King Lear is a timeless Shakespearian tragedy. Presented by Royal & Derngate Northampton at the Richmond Theatre, we watch the King split his kingdom to his three daughters. Much ensues as he bases his decision of the split on their love for him. His most beloved Cordelia insists that she cannot partake in his fancies, and so she receives nothing. Fickle and strong-willed, we watch the King go mad at his plight, as his daughters usurp him and turn on each other, as Edmund says, ‘The younger rises when the old doth fall .’ As with most Shakespearian tragedies, almost everyone dies in the end, and this story is not without heart-wrenching and gory deaths.

Michael Pennington heads the production as the titular role, he is an age-old Shakespearean actor. Although at points his vocal strength reaches breaking point, he breaks our hearts as he pulls Cordelia out of the wings with a rope around her neck. He has utterly essential emotional and comedic control for the role.

Both Gloucester’s (Pip Donaghy) legitimate son Edgar, played by Gavin Fowler, and illegitimate son Edmund played by Scott Karim are extremely strong lead actors. Fowler is genuine and heartfelt whilst caring after his blind father, and we are gunning for him from the get-go. Unfortunately the terrible two, Goneril (Catherine Bailey) and Regan (Sally Scott) fail to hold their own compared. They’re words aren’t harsh enough, and the only person who manages to cut it in this respect is Karim. During his numerous insights directed towards the audience, we feel the swagger and confidence of his actions, even if his speech is a little contrived at times. Shane Attwool (playing Cornwall) even adds a much needed evil to the scene during the gouging of Gloucesters eyes, as it seems Scott can’t hold her own.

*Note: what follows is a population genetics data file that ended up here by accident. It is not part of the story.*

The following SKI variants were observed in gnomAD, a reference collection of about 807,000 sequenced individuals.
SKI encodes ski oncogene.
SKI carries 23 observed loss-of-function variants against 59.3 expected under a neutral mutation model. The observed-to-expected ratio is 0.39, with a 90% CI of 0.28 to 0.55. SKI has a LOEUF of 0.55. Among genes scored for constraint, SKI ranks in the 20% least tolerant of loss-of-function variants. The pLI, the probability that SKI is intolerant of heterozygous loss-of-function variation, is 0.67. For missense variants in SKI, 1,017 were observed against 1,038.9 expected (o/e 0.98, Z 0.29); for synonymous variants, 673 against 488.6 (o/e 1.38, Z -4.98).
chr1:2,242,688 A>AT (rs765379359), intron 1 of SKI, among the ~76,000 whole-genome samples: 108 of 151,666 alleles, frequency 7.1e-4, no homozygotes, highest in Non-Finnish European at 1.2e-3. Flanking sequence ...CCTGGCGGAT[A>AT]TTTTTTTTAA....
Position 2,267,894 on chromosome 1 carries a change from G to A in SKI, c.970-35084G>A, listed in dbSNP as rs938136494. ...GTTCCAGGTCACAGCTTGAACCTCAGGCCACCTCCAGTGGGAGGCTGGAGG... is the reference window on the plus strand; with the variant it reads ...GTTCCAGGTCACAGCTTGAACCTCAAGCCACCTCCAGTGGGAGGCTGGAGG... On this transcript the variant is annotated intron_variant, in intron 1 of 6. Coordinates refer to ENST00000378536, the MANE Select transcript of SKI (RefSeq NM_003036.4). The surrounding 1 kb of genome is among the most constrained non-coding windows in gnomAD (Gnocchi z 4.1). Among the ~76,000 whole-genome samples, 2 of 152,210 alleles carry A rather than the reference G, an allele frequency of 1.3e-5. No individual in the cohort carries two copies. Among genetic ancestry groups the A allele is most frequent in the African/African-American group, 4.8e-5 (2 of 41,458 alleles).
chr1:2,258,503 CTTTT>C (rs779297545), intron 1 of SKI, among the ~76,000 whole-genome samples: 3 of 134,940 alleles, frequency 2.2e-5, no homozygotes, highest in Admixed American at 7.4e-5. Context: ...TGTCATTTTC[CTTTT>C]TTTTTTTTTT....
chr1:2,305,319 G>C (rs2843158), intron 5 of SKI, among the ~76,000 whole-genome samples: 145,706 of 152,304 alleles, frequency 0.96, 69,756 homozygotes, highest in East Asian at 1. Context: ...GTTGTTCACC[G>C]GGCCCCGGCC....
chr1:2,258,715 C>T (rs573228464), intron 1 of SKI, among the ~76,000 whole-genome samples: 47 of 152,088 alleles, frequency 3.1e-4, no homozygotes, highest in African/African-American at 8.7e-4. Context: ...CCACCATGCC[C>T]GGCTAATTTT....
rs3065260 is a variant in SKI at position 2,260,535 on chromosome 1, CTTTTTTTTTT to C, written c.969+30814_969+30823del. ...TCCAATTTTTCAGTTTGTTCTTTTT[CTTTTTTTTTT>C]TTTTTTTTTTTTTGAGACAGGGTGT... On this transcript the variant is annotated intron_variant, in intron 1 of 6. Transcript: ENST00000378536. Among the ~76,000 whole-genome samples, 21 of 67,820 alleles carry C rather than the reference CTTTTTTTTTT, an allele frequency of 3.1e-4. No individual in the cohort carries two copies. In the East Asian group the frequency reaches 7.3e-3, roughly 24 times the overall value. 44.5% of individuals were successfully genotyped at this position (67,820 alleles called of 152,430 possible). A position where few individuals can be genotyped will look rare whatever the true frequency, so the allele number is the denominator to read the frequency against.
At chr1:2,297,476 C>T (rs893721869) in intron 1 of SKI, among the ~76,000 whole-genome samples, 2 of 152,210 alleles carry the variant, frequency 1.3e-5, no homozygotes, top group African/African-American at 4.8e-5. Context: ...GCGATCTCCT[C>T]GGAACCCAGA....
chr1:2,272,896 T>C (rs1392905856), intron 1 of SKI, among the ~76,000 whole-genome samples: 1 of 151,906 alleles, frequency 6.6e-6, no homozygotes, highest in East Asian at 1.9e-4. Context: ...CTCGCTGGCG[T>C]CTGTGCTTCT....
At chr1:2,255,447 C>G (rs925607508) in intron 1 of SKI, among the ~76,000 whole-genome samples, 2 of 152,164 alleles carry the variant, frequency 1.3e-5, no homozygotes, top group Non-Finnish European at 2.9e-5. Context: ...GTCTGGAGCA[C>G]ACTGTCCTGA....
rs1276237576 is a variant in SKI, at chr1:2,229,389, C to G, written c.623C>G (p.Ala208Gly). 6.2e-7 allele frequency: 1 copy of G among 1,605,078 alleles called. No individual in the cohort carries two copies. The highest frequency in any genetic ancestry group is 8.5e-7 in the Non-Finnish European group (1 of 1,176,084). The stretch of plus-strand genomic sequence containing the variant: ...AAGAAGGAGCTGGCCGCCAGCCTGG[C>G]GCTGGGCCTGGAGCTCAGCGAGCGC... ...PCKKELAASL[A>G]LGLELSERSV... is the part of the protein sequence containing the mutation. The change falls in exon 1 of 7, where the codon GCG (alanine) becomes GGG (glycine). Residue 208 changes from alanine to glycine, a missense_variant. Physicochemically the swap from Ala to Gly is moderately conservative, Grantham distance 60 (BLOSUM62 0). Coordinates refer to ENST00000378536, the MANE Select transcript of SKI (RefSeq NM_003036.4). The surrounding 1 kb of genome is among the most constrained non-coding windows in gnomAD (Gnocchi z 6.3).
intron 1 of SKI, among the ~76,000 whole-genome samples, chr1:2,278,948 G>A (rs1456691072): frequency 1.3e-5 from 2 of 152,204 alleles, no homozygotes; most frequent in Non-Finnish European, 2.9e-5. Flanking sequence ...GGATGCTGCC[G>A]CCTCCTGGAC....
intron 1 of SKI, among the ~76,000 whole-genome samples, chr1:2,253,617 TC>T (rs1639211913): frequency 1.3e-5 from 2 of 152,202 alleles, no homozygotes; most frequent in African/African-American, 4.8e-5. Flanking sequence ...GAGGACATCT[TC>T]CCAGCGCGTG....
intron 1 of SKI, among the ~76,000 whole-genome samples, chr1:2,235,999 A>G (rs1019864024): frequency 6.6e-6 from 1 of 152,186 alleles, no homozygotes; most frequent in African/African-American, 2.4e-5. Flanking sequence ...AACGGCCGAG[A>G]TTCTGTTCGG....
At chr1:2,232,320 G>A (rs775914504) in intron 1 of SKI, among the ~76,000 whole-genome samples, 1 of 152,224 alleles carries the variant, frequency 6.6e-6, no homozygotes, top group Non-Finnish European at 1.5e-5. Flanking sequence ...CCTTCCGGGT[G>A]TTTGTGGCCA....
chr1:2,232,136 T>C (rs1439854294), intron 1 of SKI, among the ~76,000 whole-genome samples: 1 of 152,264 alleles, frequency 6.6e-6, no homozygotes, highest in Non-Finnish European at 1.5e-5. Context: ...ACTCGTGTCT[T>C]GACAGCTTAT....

The design of the production is well done, with a vauge 1940s feel to the costumes, and a harsh setting for the stage. The sound (Matthew Bugg) and lighting (Natasha Chivers) is mostly strong, adding to the well designed set and feel of the show. The extreme rake of the stage makes it hard for the actors, as well as the close proximity of the space, which feels like it wasn’t taken into account when directed. Heightened moments are stunted, with all movement feeling small in an already small space. Which makes the stage fighting look very basic and extremely contrived. The action hops from peak to trough, instead of raising in a natural way.

As I watch King Lear, I begin to appreciate how gorgeous the story is, and for once the emotional side of the tragedy stuck out to me more than the extremes of the deaths. The contrast of the poor and rich, the mad and supposedly sane, show Shakespeare for the playwright he truly was; both a political spectator and commentator. What is the use of reviving the old if not to reevaluate the values we see in new theatre? King Lear is a prime example of the more we watch and revive Shakespeare, the more value we uncover from it.


King Lear is playing Richmond Theatre until 14 of May. For more information and tickets, see the Richmond Theatre website. 

Photo: Marc Brenner